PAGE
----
James Dwight Dana: Biography, Theory & Contributions

Instructor: Betsy Chesnutt

Betsy teaches college physics, biology, and engineering and has a Ph.D. in Biomedical Engineering

James Dwight Dana (1813-1895) was one of the most influential scientists of all time. In this lesson, learn about his interesting life and his many contributions to science.

A Voyage of Discovery

In 1838, a fleet of three ships set sail from the Virginia coast. These ships were just setting out on the United States Exploring Expedition, and along with sailors from the United States Navy, they were carrying a number of gifted scientists and illustrators on what would be a historic journey. Their goal was to explore the vast Pacific Ocean and all the lands in and around it.

On board one of the ships was a young geologist named James Dwight Dana, and over the next four years, he sailed with the Expedition, studying and documenting the animals, plants, and geological features along the way. He would go on to publish three incredibly influential books based on his work with the Expedition, along with many other books about geology, mineralogy, and zoology. Today, he is known as one of the greatest American scientists of all time.

James Dwight Dana (1813-1895) was one of the greatest geologists of all time.
James Dwight Dana in 1858

Early Life and Education of James Dwight Dana

James Dwight Dana was born in 1813 in Utica, New York. From the time he was a child, he was interested in science, and in 1830, he enrolled in Yale College to study geology. He graduated in 1833, and although he had always loved science, he was afraid that he would never be able to make a living as a full-time scientist. At the time, there were not many paying jobs available for scientists, and since Dana did not come from a wealthy family, he held little hope of working in science full time.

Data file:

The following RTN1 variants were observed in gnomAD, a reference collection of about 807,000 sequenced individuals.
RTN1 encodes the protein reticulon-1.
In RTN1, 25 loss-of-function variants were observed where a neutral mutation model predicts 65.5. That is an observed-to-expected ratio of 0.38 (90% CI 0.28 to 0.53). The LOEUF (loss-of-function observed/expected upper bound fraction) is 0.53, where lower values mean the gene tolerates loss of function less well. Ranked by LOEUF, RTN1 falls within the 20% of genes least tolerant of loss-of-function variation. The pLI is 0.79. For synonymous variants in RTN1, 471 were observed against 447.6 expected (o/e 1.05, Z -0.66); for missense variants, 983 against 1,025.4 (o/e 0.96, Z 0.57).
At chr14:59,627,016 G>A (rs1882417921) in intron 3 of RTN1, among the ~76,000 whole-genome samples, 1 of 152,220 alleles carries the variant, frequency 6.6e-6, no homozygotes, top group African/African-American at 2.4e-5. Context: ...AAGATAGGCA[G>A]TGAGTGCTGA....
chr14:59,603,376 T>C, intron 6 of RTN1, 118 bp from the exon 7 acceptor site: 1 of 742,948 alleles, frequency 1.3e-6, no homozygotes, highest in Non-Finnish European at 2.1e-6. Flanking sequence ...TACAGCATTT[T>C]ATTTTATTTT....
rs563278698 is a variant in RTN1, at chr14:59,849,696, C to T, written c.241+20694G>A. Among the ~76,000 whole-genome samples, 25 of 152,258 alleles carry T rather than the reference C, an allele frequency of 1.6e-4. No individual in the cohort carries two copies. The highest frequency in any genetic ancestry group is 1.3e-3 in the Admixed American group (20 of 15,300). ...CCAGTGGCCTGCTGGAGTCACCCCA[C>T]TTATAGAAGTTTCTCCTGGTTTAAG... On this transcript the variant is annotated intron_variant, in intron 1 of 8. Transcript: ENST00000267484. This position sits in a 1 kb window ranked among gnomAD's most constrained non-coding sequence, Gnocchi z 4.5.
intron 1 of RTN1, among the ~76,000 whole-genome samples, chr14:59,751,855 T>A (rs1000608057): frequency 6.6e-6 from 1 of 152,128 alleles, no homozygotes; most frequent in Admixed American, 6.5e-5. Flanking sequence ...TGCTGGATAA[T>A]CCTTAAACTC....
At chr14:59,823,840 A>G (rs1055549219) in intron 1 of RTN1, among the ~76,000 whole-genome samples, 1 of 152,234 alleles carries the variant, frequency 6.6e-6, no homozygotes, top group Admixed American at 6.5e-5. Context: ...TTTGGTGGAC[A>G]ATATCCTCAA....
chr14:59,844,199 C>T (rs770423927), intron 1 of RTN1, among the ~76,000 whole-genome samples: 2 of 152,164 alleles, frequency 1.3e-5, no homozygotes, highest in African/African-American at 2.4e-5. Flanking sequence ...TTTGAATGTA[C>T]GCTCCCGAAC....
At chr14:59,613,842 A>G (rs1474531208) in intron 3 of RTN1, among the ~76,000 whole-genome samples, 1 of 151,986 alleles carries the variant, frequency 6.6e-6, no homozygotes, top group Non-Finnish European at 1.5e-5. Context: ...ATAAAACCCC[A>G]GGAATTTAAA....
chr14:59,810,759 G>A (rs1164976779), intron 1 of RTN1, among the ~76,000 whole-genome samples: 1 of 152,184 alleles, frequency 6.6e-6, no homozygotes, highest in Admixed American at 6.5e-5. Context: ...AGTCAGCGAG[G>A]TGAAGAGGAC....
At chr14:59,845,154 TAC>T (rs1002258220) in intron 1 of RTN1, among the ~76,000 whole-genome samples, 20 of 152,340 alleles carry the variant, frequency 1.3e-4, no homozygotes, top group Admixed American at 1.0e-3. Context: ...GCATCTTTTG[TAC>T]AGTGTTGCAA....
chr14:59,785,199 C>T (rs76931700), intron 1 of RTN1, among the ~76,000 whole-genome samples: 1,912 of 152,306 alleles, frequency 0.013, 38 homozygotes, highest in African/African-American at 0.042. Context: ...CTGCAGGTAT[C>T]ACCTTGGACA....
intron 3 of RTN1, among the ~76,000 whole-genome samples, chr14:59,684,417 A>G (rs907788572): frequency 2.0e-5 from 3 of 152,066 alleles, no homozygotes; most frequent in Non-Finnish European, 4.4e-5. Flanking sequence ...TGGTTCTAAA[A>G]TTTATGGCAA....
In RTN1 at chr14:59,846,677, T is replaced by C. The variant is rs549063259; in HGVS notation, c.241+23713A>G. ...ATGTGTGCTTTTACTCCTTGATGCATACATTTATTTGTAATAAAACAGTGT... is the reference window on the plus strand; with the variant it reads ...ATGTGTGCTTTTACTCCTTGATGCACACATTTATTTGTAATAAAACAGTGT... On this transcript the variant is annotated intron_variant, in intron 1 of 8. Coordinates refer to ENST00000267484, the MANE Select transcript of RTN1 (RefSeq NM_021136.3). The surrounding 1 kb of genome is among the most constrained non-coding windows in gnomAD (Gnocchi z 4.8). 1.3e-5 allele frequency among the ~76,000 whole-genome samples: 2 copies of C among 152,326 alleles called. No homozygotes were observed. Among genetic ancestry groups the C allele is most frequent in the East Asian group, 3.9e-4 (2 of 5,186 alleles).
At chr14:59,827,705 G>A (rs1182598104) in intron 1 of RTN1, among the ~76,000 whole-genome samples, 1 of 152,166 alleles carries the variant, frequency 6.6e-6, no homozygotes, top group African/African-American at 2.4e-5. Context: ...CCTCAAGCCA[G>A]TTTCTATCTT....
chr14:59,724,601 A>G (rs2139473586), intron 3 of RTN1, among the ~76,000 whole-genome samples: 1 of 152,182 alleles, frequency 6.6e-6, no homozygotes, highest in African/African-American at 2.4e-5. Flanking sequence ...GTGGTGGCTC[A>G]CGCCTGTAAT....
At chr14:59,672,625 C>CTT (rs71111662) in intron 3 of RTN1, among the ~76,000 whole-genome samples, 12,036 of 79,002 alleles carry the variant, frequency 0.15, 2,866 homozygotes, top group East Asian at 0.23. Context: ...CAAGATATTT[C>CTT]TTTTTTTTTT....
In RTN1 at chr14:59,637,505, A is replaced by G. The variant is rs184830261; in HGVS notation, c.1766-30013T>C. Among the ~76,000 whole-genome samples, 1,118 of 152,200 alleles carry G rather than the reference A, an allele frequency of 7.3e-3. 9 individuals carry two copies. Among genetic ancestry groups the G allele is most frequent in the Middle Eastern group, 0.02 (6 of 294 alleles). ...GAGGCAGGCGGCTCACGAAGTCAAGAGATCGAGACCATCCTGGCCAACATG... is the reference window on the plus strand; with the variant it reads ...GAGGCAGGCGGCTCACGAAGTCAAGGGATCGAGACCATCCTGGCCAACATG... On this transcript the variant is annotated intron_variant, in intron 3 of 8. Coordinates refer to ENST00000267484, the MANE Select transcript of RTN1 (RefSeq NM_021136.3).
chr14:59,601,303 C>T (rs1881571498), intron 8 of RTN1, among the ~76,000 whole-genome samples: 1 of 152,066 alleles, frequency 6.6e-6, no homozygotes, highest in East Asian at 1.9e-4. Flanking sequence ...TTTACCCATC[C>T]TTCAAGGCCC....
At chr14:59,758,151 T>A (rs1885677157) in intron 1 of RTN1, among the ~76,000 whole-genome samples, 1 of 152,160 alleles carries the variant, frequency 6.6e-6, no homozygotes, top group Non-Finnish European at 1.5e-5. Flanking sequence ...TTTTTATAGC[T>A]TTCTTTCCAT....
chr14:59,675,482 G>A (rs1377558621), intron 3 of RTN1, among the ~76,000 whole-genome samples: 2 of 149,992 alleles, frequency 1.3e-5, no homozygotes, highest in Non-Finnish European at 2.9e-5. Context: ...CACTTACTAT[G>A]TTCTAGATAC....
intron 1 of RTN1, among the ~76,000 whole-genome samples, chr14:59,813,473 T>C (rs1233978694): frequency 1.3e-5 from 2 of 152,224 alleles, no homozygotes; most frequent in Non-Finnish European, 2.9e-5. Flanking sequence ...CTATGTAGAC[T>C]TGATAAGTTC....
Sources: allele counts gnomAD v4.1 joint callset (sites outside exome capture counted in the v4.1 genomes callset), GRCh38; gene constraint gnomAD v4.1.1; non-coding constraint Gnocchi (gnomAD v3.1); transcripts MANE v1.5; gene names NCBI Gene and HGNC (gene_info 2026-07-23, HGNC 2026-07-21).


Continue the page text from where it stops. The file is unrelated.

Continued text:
Instead, he initially took a job as a mathematics teacher for the US Navy. For the next three years, he sailed the Mediterranean instructing the midshipmen on board in mathematics. He didn't give up on science, however. While working on a navy ship, he made a detailed study of Mediterranean volcanoes, and quickly published his first scientific paper, On the Condition of Vesuvius in July, 1834.

After three years at sea, his former mentor at Yale, Benjamin Silliman, offered him a position in the chemistry laboratory at Yale in 1836. Dana jumped at the opportunity to continue his career in science, and in 1837, published his first book, A System of Mineralogy. The next year, he went back to the ocean, joining the United States Exploring Expedition in 1838. On this historic voyage, he would do some of his most important work and secure his legacy as one of the most influential scientists in the world.

Contributions to Science

After the end of his historic sea voyage, Dana spent the next 14 years writing up all the discoveries he had made. These were published in three books: Zoophytes, Crustacea, and Geology.

An image of a crab that appeared in Crustacea by James Dwight Dana
An image of a crab that appeared in Crustacea by James Dwight Dana

Zoophytes are small ocean polyps like corals, and before Dana, no one had really studied them in any great detail. Dana spent a lot of time studying the reefs of the South Pacific, and his research showed that these reefs were created by tiny zoophytes. Although we now know that his theory of reef formation is correct, it was revolutionary at the time. In Zoophytes, Dana not only developed an entirely new system to classify these tiny creatures, but also accurately described their physiology for the first time ever.

He also expanded on earlier work done by his friend Charles Darwin to develop a new theory of how coral reefs form. He showed that the three main types of reefs, known as fringing reefs, barrier reefs, and atolls, were actually all the same type of reef, just at different stages of development, and that all three were formed by subsidence of the surrounding land.

Dana showed that zoophytes, like this coral, were responsible for creating reefs.
Dana showed that zoophytes, like this coral, were responsible for creating reefs.

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